Saturday, August 13, 2011

Availability: Opening Thoughts

Learning that is transformative in our lives is aided when we are on what Walker Percy calls "the search." What then are the skills, attitudes and dispositions that we could develop to engage that journey at the highest, most meaningful level? In the next few posts, I am going to try to unpack one of those skills--availability.
Over the past decade or so I have become increasingly interested in why some people seem to have things happen to them all the time, and other people don't. Or, more accurately, why are there times in our lives when it feels like the world is speaking to US, and that we are tuned into something that is awesome and exciting and meaningful? And, inversely, why are there times when we feel unfulfilled, not stimulated and in a rut? Finally, are there skills we can practice that would allow our learning to be get into the zone that University of Chicago professor Mihaly Csikszentmihalyi has dubbed "flow?" He describes flow as "being completely involved in an activity for its own sake. The ego falls away. Time flies. Every action, movement, and thought follows inevitably from the previous one, like playing jazz. Your whole being is involved, and you're using your skills to the utmost." How might "availability" be a precursor to entering into a state of flow with the world, and how might we come to be more available?

One way that I find helpful to start thinking about something so abstract is to use a technique called the "via negativa." This was something I discovered in graduate school reading Christian mystics who were engaged in apophatic theology. This is some fancy language for trying to define something (in their case, God) by starting with what it is not.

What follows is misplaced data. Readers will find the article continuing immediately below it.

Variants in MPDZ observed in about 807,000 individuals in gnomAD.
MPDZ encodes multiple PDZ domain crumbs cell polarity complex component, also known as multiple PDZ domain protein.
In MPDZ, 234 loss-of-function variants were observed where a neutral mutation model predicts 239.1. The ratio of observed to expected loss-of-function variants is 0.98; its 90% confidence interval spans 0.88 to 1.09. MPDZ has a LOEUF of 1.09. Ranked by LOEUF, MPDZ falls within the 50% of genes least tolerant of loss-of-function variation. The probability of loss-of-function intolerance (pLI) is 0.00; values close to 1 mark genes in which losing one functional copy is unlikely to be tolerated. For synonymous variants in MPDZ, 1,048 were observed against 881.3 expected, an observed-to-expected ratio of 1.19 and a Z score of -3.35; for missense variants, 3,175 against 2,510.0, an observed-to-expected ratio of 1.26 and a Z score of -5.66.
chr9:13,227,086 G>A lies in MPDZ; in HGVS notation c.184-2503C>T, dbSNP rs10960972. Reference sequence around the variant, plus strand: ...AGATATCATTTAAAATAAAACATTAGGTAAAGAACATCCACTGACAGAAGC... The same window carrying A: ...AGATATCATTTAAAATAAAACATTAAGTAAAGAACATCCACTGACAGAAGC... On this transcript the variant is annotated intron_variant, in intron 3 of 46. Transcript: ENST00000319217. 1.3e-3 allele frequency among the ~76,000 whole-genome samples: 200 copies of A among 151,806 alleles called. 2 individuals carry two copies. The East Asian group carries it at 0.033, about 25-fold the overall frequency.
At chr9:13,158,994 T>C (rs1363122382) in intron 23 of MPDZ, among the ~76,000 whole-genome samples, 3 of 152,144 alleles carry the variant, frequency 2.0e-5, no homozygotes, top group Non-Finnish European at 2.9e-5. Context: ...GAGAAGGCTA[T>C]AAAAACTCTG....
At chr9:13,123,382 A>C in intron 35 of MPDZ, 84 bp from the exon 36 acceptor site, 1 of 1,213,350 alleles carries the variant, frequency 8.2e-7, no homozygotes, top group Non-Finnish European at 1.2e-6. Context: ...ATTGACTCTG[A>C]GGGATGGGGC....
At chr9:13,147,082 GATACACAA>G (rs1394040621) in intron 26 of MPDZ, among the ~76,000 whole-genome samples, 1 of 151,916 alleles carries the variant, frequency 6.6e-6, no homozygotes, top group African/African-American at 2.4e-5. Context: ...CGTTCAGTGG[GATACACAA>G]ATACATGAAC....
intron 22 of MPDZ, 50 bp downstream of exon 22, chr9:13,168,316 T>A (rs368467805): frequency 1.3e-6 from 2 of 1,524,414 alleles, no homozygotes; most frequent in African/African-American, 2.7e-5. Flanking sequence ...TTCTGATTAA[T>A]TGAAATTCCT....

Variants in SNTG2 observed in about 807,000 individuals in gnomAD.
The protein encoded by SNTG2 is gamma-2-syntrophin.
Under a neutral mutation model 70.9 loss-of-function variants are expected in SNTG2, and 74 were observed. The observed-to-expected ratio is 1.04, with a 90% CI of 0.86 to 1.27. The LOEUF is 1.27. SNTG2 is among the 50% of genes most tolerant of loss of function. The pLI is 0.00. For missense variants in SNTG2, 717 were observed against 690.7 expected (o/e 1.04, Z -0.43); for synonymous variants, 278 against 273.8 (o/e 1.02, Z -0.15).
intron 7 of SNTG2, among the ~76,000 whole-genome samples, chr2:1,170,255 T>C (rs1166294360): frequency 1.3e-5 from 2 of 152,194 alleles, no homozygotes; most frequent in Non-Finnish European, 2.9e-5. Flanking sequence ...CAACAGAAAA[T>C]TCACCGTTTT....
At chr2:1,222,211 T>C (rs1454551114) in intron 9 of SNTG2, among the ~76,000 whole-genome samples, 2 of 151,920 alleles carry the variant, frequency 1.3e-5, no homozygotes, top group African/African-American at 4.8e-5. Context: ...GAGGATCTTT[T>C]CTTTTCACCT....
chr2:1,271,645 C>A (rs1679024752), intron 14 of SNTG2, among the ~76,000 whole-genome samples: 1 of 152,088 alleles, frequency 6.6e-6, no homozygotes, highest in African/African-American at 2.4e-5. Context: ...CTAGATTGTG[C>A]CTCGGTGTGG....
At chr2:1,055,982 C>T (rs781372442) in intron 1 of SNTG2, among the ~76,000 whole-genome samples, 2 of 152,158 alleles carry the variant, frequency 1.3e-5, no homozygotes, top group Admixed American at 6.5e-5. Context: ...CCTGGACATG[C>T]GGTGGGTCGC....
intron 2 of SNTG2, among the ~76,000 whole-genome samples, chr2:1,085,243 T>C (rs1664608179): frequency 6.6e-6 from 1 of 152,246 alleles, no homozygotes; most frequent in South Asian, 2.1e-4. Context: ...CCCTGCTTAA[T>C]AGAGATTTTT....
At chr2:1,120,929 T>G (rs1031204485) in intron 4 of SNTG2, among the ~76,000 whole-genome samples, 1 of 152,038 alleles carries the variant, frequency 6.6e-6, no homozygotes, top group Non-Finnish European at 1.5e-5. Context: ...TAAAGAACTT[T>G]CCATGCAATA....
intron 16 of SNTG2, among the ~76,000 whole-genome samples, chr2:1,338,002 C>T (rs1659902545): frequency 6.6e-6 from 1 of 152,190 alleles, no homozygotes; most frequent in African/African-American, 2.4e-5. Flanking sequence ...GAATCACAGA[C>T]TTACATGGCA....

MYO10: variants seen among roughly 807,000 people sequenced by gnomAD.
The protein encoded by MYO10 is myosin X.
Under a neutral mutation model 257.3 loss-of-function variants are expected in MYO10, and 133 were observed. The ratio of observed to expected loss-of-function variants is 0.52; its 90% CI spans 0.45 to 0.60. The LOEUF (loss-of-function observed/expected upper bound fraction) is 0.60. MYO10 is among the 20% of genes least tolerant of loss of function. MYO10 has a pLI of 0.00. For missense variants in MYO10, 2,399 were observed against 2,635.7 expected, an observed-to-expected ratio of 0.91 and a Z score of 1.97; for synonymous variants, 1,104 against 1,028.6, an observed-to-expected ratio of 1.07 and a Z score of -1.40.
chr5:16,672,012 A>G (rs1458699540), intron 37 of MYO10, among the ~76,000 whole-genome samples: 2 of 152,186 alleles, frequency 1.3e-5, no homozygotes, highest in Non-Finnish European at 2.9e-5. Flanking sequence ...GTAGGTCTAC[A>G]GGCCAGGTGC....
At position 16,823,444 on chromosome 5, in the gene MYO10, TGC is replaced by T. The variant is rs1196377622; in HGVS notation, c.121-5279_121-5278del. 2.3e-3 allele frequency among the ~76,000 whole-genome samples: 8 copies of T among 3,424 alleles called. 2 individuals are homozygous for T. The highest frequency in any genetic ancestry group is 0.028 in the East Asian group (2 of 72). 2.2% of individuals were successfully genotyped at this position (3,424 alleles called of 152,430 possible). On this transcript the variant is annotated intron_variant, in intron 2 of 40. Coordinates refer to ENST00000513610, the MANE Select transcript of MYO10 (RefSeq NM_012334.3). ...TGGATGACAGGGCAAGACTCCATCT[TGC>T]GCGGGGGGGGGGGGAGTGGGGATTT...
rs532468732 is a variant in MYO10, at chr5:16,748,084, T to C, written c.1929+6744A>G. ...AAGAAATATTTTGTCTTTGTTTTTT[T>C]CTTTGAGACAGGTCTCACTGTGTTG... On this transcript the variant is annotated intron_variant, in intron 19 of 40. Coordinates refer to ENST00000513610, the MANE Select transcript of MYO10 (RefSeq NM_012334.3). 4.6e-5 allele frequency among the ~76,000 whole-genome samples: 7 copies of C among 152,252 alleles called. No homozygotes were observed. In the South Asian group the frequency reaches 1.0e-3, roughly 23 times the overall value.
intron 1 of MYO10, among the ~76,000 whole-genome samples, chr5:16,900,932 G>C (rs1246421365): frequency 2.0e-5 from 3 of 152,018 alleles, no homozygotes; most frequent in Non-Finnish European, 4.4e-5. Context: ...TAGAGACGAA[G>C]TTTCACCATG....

Availability, for example, is not simply being open-minded. They are related, but there is a fine distinction between them that makes a big difference. As is the case with other concepts crucial to experience-based learning, availability demands a concentrated level of activity on the part of the person doing the learning. To be open-minded can be achieved by being passive.; you are simply willing to let new things come to you. To be available is to be engaged with your surroundings and your relationship with them in a dynamic way. You can be open to new things but stay in the same place you have always been, to be available is to search out what is around you and connect with it.

One of my favorite people-- who may be right at the top of the all-time "availability list"--is Walt Whitman. What I have learned from Whitman is how to "loaf." The opening of his epic poem "Song of Myself" begins,

I celebrate myself, and sing myself,
And what I assume you shall assume,
For every atom belonging to me as good belongs to you.

I loafe and invite my soul,
I lean and loafe at my ease observing a spear of summer grass.

We think of loafing as a negative, but, for Whitman, loafing is an art that ultimately allows him to connect with his surroundings. And that is the major difference between openness and availability--connection. Whitman's genius was his capacity to merge and to fuse with his surroundings--both natural and human. What is extraordinary is that he can do it in solitude or in the bustle of New York City. What is paradoxical about loafing is that it allows you to realize that you are both the same and simultaneously distinct from all that is around us. To become an expert at doing that might make one available on a cosmic level, all from a spear of summer grass.

Whitman must have felt that the world truly was speaking to him, and that it was awesome and exciting and meaningful. Talk about "flow" on the highest level! So, I am wondering, who are other examples of people who are "available?"

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